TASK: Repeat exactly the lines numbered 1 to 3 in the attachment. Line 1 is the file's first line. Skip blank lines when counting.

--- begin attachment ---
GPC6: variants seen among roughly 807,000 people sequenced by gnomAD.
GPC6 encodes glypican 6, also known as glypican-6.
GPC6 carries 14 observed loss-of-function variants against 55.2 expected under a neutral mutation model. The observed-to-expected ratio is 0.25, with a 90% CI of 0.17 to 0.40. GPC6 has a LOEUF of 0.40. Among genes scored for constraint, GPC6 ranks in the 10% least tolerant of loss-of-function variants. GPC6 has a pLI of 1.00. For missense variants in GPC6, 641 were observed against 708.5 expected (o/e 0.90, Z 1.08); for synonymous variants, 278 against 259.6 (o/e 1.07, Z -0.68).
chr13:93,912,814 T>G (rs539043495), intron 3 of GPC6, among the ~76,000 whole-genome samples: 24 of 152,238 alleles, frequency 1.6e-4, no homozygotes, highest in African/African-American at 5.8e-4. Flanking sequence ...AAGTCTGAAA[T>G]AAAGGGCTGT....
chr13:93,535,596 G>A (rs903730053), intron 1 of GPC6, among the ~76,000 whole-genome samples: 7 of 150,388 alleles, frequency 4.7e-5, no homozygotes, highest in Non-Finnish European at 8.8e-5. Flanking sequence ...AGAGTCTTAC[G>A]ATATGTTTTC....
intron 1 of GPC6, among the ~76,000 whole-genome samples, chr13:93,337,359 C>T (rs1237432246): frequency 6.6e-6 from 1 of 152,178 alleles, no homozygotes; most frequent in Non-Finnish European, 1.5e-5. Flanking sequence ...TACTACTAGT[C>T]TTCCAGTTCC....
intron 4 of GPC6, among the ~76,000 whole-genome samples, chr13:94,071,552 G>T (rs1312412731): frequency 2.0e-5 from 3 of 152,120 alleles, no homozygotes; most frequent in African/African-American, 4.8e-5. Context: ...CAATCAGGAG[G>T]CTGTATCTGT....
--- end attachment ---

GPC6: variants seen among roughly 807,000 people sequenced by gnomAD.
GPC6 encodes glypican 6, also known as glypican-6.
GPC6 carries 14 observed loss-of-function variants against 55.2 expected under a neutral mutation model. The observed-to-expected ratio is 0.25, with a 90% CI of 0.17 to 0.40. GPC6 has a LOEUF of 0.40. Among genes scored for constraint, GPC6 ranks in the 10% least tolerant of loss-of-function variants. GPC6 has a pLI of 1.00. For missense variants in GPC6, 641 were observed against 708.5 expected (o/e 0.90, Z 1.08); for synonymous variants, 278 against 259.6 (o/e 1.07, Z -0.68).